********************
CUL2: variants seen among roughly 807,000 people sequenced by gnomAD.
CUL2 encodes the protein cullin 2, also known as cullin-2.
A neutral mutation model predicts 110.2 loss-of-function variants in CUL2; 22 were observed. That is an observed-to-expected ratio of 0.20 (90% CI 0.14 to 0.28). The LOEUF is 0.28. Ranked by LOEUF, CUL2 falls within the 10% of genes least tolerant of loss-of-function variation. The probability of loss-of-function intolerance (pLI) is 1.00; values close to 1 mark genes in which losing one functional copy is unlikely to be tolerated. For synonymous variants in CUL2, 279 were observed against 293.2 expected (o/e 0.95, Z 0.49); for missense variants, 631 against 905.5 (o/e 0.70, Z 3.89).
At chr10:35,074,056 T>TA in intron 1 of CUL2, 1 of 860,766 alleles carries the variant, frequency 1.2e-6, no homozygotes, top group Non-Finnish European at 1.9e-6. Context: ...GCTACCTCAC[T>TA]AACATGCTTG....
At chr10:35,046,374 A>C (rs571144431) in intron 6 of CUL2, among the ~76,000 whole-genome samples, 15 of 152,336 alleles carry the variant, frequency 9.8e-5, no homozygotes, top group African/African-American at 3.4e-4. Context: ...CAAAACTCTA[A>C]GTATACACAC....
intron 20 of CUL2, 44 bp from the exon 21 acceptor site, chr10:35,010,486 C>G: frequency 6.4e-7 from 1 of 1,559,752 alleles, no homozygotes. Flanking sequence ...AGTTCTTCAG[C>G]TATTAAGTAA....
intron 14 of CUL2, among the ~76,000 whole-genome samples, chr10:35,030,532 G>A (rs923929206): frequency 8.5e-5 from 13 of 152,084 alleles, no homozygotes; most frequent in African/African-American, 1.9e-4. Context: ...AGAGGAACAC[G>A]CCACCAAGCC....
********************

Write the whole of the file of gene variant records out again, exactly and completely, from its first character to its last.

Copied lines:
CUL2: variants seen among roughly 807,000 people sequenced by gnomAD.
CUL2 encodes the protein cullin 2, also known as cullin-2.
A neutral mutation model predicts 110.2 loss-of-function variants in CUL2; 22 were observed. That is an observed-to-expected ratio of 0.20 (90% CI 0.14 to 0.28). The LOEUF is 0.28. Ranked by LOEUF, CUL2 falls within the 10% of genes least tolerant of loss-of-function variation. The probability of loss-of-function intolerance (pLI) is 1.00; values close to 1 mark genes in which losing one functional copy is unlikely to be tolerated. For synonymous variants in CUL2, 279 were observed against 293.2 expected (o/e 0.95, Z 0.49); for missense variants, 631 against 905.5 (o/e 0.70, Z 3.89).
At chr10:35,074,056 T>TA in intron 1 of CUL2, 1 of 860,766 alleles carries the variant, frequency 1.2e-6, no homozygotes, top group Non-Finnish European at 1.9e-6. Context: ...GCTACCTCAC[T>TA]AACATGCTTG....
At chr10:35,046,374 A>C (rs571144431) in intron 6 of CUL2, among the ~76,000 whole-genome samples, 15 of 152,336 alleles carry the variant, frequency 9.8e-5, no homozygotes, top group African/African-American at 3.4e-4. Context: ...CAAAACTCTA[A>C]GTATACACAC....
intron 20 of CUL2, 44 bp from the exon 21 acceptor site, chr10:35,010,486 C>G: frequency 6.4e-7 from 1 of 1,559,752 alleles, no homozygotes. Flanking sequence ...AGTTCTTCAG[C>G]TATTAAGTAA....
intron 14 of CUL2, among the ~76,000 whole-genome samples, chr10:35,030,532 G>A (rs923929206): frequency 8.5e-5 from 13 of 152,084 alleles, no homozygotes; most frequent in African/African-American, 1.9e-4. Context: ...AGAGGAACAC[G>A]CCACCAAGCC....